BIRDHEAD, Untitled, 2012, gelatin silver print, 60 × 50 cm. Copyright and courtesy the artists.

Birdhead’s visual language defies categorization. “Documentary or diary is not the right description for us,” they say. “The person looking at it is what matters.” With a snapshot aesthetic that assumes monumentality when assembled en masse, Birdhead have developed a complex modern-day language of urban life that is devoid of hierarchy. Every element within the photograph is as important as any other and they don’t care, they say, who took which photograph: “It is not important. We always talk from one viewpoint. We are like each other’s mirror. Every day we are talking. Every day we are taking photos.”

They say, perhaps slightly disingenuously, that the best way for their work to be viewed is on the intimate pages of a book. In 2012, they exhibited two volumes—The End of Mainland (2010) and Xin Cun (2006)—as part of “Shanghai Surprise,” the inaugural show at the Chi K11 Art Space in Shanghai. While the former shows voyeuristic glimpses of their lives in Shanghai, Xin Cun—literally translated as “new estate”—is a cogent social critique of the housing estates springing up all over the city. But their work now regularly appears on gallery walls—their compulsive snapshots lend themselves to being exhibited as large-scale, site-specific installations, with multiple photographs constructed into large grids.

Welcome to Birdhead’s World – Venice Project (2011) for the 54th Venice Biennale consisted of 198 color and black-and-white photographs clustered along the walls of the Arsenale, while last year’s The Song of Early Spring (2012) was exhibited as part of “New Photography 2012” at New York’s Museum of Modern Art. This last installation is a grid of black-and-white street photographs, in front of which hang two vertical mahogany panels supporting photos of Chinese characters, appropriated, one character at a time, from the billboards and signs of Shanghai, to spell out a verse from a classical poem. This work has now been deconstructed to form their latest book, The Light of Eternity, published in late September. Interest in their work has intensified—in June they were announced as finalists for the inaugural Hugo Boss Asia Art award, and are currently part of the associated exhibition at Shanghai’s Rockbund Art Museum, as well as the monumental exhibition “Portrait of the Times: 30 Years of Chinese Contemporary Art” at Shanghai’s Power Station of Art.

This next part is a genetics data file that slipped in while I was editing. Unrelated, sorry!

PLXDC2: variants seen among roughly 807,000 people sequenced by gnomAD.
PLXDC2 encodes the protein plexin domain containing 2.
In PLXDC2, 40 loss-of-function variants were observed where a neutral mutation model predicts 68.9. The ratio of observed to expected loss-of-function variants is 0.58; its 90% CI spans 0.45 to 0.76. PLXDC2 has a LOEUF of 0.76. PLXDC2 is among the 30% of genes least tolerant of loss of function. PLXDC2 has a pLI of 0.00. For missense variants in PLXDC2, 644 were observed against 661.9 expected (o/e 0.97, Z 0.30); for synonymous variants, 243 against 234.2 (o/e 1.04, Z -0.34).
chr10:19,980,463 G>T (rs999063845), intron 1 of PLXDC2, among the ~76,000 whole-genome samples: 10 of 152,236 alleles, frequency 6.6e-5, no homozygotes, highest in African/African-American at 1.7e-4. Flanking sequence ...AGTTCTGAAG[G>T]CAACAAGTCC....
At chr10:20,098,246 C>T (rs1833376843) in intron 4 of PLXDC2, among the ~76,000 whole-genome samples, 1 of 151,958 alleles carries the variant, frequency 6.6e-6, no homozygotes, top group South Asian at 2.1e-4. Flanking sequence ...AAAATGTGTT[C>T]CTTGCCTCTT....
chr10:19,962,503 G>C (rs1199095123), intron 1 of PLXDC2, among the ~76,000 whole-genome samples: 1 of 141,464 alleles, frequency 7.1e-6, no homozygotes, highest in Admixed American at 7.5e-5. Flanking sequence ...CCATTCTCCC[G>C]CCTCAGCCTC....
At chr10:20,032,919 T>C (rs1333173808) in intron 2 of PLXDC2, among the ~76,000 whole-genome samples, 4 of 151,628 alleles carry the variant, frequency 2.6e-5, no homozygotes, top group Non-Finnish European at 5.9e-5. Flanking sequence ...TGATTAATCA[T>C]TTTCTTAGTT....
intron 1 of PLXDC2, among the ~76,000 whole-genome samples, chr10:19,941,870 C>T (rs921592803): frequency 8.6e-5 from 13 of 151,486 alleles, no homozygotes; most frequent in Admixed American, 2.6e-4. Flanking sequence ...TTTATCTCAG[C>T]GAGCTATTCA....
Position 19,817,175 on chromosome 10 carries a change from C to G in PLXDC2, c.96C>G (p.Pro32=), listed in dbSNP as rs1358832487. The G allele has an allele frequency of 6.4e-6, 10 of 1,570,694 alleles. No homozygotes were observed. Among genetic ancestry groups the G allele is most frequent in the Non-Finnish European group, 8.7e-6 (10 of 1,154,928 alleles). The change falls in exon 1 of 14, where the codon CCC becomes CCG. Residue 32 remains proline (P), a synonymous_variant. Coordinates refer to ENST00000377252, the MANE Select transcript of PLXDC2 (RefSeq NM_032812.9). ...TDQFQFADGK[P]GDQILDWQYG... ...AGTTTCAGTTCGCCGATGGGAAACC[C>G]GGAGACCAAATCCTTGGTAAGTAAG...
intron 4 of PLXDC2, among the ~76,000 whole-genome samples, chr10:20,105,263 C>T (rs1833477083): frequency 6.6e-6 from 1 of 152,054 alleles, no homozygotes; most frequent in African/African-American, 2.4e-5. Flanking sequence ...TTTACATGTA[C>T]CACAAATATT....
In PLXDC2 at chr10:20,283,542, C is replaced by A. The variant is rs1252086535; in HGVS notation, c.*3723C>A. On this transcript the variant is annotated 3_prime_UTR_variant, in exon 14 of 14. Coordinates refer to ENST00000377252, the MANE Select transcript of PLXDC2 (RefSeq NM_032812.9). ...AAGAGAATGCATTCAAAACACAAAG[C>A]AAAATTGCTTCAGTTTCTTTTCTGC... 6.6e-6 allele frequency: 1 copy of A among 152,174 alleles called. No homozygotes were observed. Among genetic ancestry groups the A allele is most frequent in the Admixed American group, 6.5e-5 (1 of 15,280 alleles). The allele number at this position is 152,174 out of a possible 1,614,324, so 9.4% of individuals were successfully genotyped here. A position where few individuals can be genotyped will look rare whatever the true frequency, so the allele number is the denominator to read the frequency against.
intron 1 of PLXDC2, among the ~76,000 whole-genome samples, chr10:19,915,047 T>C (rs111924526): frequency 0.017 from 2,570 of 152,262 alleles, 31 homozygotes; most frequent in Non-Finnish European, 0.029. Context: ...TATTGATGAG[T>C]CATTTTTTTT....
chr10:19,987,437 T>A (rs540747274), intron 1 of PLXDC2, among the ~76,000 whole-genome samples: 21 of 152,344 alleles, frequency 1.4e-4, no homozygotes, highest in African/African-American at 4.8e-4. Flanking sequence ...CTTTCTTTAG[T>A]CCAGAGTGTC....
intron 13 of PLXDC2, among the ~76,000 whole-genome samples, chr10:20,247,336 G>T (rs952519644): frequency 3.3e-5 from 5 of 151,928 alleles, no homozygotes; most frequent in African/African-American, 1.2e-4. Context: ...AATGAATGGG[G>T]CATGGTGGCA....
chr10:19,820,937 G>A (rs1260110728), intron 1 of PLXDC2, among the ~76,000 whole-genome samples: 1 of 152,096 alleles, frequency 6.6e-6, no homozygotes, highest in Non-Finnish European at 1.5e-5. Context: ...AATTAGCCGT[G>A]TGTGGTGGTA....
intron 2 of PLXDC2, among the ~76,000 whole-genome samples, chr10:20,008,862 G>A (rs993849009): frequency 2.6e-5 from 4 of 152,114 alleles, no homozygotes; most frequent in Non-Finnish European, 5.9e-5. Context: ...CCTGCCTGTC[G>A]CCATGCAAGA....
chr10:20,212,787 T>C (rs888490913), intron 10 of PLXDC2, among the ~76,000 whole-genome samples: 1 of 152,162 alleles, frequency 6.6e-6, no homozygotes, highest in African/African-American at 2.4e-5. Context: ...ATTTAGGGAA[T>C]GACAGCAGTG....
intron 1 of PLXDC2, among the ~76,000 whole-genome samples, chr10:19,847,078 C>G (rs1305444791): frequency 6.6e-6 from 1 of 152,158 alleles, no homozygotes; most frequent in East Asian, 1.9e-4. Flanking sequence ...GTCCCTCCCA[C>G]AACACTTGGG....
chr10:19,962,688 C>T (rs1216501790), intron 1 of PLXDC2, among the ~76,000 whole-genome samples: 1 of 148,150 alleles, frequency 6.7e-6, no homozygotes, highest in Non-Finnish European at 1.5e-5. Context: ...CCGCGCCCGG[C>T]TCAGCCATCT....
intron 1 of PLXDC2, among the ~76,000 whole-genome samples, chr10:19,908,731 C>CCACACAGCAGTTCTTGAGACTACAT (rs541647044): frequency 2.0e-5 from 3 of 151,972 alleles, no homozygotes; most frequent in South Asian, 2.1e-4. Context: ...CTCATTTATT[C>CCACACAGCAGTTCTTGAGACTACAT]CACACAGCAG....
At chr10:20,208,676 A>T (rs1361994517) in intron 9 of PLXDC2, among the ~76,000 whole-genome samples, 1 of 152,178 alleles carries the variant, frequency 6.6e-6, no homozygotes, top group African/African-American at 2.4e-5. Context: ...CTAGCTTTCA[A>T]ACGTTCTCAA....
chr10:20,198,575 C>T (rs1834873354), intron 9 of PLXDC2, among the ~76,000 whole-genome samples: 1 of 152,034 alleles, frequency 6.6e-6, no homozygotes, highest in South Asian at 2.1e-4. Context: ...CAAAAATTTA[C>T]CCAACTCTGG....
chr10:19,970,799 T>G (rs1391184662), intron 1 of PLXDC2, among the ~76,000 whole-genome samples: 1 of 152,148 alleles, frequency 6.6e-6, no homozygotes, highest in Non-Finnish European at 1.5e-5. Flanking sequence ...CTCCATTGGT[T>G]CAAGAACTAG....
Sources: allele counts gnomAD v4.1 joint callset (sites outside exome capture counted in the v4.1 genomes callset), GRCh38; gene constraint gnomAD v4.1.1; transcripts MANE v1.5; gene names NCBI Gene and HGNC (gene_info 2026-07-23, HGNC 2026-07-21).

Despite all this new attention, Birdhead see themselves as humble practitioners of photography, only coming truly alive when the city’s bitumen is beneath their feet. Certainly, as the evening draws to a close, their conversation remains amusingly nonchalant: “We listen to news reports of earthquakes and we think, motherfuck, but then turn around and go eat some noodles.” And, with that, they light up their cigarettes and are enveloped in smoke from their preferred brands—Zhongnanhai for Ji and Double Happiness for Song. Then they are gone, heading out into the Shanghai night to find noodles and continue the obsessive documentation of their own lives that allows them a certain freedom in a country that demands conformity over individualism and discipline over anarchy.